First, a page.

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LA Galaxy Salary Cap Compliance: Killing Them Softly With These Facts

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I wasn't planning on doing an LA Galaxy salary cap compliance post until the new salaries are posted by the MLS players association, but well I couldn't let Sounder at Heart have all the fun. The first thing we have to do is understand how the salary cap works, then some math to see how close the Galaxy came to the cap, what they've been able to shed in the offseason. We have to look at allocation money, and see how it's awarded. Finally, we have a do a funny dance!

Okay, you don't have to do a funny dance, but I will.

A refresher: Players 1-20 on an MLS teams roster are classified as the Senior or Salary Budget players. These are the players who count against the salary cap budget of $2,675,000. Now the maximum a player on the Senior Roster can count for against the budget is $335,000 (Robbie Keane counts for $167,500 because he came midseason). The rest of a DPs salary is out of the team's pocket. The minimum a player occupying roster spots 1-24 can make is $42,000.

Now the Galaxy had 26 players making at least $42k last season. Jack McBean is Home Grown so his salary is eliminated, and we can also take off third goalkeeper Brian Perk (who makes a big chunk o cash). To the best of our knowledge, those occupying spots 21-24 are Daniel Keat, Bryan Jordan, Paolo Cardozo, and Adam Cristman.

This puts the Salary Budget Players roster at $2,768,719.58. Now Josie, you might say, that's more than the Salary Budget! Deficit spending! However, there is a nice neat little rule that I'm more than sure the Galaxy are taking advantage of:

Clubs have the option of "buying down" the budget charge of a Designated Player with allocation money. The reduced charge may not be less than $150,000.

Were the Galaxy to do this with say Landon Donovan's contract, that'd bring them under the cap. Since I have no proof this is what the Galaxy did (it could have been Donovan, it could have been David Beckham, it could have been both), but the only other possibility is the Galaxy traded Don Garber some magic beans. Which admittedly are a fantastic legume.

The Galaxy would have received allocation money for qualifying in the CONCACAF Champions League the past two years. This explains how the Galaxy were able to come under budget last year.

So far this year, the Galaxy have unloaded the salary of Donovan Ricketts, Chris Birchall, Greg Berhalter, Jovan Kirovski, and Frankie Hejduk. That's $630,125 that came off the books. The Galaxy have signed Marcelo Sarvas, Edson Buddle, Pat Noonan, Nick Noble, Kyle Nakazawa, and Jose Villareal (non-roster). It's not absurd to believe five players could split that available cash.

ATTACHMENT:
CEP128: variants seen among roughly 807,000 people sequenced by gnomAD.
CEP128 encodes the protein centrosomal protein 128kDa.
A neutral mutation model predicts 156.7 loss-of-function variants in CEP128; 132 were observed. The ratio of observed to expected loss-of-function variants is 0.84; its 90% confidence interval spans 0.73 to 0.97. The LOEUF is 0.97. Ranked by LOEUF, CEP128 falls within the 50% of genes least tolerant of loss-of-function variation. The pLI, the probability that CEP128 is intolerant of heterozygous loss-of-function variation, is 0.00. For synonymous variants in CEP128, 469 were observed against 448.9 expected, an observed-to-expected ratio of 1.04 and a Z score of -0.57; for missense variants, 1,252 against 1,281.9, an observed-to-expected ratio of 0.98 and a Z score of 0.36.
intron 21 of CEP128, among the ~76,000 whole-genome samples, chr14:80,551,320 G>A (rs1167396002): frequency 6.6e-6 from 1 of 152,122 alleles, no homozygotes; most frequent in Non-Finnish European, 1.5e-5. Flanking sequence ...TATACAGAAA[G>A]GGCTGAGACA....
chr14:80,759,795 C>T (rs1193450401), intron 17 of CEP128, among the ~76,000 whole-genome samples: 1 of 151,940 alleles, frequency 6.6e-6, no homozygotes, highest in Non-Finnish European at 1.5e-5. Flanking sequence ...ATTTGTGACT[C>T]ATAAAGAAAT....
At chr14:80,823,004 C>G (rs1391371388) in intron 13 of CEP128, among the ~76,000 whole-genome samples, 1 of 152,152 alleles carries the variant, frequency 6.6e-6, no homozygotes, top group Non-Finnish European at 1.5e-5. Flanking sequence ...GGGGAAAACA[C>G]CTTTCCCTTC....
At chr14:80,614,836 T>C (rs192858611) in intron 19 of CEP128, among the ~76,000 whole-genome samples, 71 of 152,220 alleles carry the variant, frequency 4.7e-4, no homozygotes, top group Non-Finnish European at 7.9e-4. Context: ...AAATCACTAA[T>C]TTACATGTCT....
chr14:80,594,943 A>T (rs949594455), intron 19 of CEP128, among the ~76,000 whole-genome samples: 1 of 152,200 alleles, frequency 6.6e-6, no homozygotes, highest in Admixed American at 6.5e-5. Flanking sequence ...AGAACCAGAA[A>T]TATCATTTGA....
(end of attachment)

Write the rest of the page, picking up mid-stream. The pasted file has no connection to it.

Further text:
Especially when you consider Noonan made $48k and Nakazawa $44K last year. Buddle's last MLS salary was in the $100k range, and it's likely Sarvas is in that range as well. Heck, there's still room for signing the two SuperDraft picks.

I mentioned that the Galaxy were given allocation money for Champions League, but this offseason the Galaxy earned allocation money dealing Donovan Ricketts, and there's also the loan fees for Landon Donovan, Robbie Keane, and Omar Gonzalez. So the Galaxy have number fudging money, especially if they're buying down the salary cap hit for all three DPs.

While the voodoo economics and fuzzy math of Allocation Money play a role, the key to all this is most MLS players have very little leverage in negotiation. I'd be surprised if the Galaxy went too much higher than their last bonafide offer to Edson Buddle, given how quickly the negotiation went. Ditto with Juninho. Those selected in the Re-Entry draft, very little leverage.

MLS players with leverage don't test the waters with other MLS teams because of the single entity structure. Those players test the waters overseas. So here we are.


Two notes, first from RSL Soapbox: In 2012 DP’s over the age of 23 will count $350,000 against the cap, which is up $15,000 over the 2011 numbers.

I forgot to account for the annual 5% increase in the salary cap budget as agreed in the CBA in 2010, which means the 2012 salary cap will be closer to $2.8 million